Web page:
• Soaked Classic Noodles. There is no need to settle for no-boil manicotti shells or boil your manicoti shells.  Instead, the shells soften just in hot tap making them WAY easier to stuff
  • Marinara Sauce.  For the ultimate Manicoti, you need to smother it in the ultimate sauce.  It takes a few extra minutes to make marinara from scratch but is SO worth it AND most of the time is just simmering.
  • Beef, Sausage & Cheese. My favorite combination is of multiple kinds of cheese, beef and sausage. The combination of beef and Italian sausage is sublime and adds the ideal texture so you don’t feel like you’re just taking a big bite of oozing cheese.  Although, I’m not entirely opposed to that. 
  • Depth of Flavor. The use of 3 cheeses, both beef and Italian sausage as well as plenty of seasoning in both the filling and the marinara add a depth of flavor that cannot be achieved any other way
  • No Grainy Ricotta! Instead of using all ricotta, we combine ricotta with sour cream for the creamiest ricotta you ever did taste.  This will make a ricotta lover out of you!

What Is MANICOTTI Filling Made Of?

In this Stuffed Manicotti recipe, we use ricotta, mozzarella, Parmesan cheese, beef, Italian sausage, eggs, herbs, and sour cream.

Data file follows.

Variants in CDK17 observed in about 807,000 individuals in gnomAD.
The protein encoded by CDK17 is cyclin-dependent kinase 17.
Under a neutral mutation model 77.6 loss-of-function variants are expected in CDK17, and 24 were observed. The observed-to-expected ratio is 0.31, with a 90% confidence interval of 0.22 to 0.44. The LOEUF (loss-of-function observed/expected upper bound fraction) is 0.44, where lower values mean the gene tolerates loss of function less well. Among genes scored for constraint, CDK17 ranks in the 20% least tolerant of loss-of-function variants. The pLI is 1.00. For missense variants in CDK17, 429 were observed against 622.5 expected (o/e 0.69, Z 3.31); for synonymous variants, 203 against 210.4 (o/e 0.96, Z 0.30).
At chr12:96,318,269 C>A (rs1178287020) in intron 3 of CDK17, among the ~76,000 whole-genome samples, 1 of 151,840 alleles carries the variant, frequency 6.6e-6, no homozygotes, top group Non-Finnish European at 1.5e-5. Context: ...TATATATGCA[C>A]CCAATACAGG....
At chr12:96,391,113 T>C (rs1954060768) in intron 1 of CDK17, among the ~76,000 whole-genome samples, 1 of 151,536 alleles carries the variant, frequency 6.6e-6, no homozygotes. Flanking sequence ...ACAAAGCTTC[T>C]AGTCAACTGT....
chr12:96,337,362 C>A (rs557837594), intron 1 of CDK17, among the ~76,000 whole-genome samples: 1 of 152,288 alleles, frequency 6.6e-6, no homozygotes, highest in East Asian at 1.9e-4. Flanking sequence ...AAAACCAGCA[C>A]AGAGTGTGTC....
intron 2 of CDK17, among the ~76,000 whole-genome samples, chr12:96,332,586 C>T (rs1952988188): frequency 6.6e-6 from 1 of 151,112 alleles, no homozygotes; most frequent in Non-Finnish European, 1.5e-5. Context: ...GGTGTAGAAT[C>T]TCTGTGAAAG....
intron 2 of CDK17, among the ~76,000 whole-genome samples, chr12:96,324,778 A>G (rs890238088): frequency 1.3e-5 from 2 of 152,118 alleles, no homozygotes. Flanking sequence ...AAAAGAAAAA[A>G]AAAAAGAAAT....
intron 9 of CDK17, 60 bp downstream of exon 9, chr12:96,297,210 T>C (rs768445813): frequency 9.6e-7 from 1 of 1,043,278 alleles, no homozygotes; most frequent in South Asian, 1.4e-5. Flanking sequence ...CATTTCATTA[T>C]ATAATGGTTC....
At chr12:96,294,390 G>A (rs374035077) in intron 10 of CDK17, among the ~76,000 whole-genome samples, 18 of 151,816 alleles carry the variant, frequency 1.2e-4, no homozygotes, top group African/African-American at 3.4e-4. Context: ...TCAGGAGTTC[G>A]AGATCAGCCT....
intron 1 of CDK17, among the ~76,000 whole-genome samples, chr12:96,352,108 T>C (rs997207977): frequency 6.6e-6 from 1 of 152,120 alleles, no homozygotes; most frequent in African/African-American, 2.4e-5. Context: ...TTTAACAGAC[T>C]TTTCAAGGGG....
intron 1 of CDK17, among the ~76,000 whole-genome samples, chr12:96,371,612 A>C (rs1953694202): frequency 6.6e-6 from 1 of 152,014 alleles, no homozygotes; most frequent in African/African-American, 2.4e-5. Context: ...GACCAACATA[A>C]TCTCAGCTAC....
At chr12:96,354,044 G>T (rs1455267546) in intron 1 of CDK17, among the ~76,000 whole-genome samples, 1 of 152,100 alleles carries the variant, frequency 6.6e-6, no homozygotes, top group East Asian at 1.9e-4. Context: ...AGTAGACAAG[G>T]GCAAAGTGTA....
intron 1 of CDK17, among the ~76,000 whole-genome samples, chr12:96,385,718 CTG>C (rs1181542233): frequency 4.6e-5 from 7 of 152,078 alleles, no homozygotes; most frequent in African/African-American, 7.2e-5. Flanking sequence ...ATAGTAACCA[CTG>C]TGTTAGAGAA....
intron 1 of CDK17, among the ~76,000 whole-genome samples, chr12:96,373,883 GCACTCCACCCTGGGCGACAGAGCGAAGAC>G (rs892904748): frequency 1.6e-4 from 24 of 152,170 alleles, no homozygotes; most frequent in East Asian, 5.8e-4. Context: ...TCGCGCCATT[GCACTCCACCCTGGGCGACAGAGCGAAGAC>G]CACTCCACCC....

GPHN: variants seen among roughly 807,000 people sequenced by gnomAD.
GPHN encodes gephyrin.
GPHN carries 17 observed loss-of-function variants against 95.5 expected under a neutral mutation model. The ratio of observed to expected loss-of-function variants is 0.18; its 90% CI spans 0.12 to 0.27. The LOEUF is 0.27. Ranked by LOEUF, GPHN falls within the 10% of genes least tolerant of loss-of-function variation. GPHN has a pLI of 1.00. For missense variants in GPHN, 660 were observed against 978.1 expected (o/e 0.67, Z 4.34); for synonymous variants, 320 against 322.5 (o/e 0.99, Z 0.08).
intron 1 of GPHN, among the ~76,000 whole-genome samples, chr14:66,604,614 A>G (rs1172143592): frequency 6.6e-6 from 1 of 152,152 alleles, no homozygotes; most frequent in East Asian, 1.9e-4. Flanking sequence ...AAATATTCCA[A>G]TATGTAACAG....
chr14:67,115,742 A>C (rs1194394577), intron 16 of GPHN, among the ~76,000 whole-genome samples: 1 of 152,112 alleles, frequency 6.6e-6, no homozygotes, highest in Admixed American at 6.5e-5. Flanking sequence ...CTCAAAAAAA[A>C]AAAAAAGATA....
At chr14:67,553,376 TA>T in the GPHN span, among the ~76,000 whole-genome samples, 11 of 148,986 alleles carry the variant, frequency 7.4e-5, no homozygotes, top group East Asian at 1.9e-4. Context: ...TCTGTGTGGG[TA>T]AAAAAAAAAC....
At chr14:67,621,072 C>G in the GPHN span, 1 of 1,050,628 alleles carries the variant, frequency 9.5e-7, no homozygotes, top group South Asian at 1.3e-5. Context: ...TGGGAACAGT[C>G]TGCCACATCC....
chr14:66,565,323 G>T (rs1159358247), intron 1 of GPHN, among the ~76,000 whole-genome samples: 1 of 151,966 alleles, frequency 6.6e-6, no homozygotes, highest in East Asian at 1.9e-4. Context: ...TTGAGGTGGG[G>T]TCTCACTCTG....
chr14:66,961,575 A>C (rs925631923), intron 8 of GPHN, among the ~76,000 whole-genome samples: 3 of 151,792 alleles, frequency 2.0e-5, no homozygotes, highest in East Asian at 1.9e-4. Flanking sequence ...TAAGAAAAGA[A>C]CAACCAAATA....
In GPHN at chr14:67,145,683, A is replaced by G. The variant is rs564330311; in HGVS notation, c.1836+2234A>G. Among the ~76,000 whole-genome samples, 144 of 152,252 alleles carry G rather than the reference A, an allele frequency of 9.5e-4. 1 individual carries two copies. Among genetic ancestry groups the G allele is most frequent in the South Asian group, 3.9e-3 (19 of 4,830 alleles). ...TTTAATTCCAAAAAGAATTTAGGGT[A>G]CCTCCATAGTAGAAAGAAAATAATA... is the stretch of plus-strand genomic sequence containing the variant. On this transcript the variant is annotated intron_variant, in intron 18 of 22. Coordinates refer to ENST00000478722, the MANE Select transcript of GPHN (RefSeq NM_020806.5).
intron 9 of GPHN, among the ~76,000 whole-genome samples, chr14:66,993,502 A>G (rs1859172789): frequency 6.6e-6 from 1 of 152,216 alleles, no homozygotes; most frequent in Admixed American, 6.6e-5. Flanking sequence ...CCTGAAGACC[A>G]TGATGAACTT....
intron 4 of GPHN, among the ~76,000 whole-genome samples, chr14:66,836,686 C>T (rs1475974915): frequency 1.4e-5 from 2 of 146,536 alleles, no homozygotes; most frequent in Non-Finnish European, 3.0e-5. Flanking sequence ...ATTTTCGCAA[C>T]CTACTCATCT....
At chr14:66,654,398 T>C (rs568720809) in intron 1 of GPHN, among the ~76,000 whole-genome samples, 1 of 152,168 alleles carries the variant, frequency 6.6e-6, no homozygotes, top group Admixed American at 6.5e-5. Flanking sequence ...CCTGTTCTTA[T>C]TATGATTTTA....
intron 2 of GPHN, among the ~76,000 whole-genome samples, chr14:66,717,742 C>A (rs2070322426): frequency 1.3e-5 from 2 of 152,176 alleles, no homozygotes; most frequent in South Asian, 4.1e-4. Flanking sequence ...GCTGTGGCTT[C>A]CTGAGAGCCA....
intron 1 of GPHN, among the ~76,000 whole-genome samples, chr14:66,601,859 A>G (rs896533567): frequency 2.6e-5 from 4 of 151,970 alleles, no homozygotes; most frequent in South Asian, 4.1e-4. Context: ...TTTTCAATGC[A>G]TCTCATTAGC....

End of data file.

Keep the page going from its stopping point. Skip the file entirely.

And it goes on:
Do You Have To Cook The MANICOTTI Before Stuffing It?

Manicoti shells are traditionally boiled until al dente, cooled before filling, covered in sauce, and baked. Boiling the shells not only produces one more step, but if your noodles are overcooked, they become flimsy, tear easily, and super hard to fill.

In this easy Manicoti recipe, you don’t have to bake the shells before filling them. Instead, I use the easy trick I use for my lasagna noodles and let them soak in hot tap water while you prep the rest of the ingredients.

The noodles soften slightly but still retain their shape so they are super easy to work with. The Manicoti shells will finish cooking in the oven for the perfect texture every time – no flimsy, tearing manicoti shells!

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1 (8-oz.) package manicotti
1 tbsp. extra-virgin olive oil
1/2 yellow onion, chopped
2 cloves garlic, minced
2 tbsp. tomato paste
1 (28-oz.) can crushed tomatoes
2 1/2 c. ricotta cheese
1 c. shredded mozzarella
1/2 c. freshly grated Parmesan
1/4 c. freshly chopped basil, plus more for garnish
Zest of 1/2 lemon
Kosher salt
Freshly ground black pepper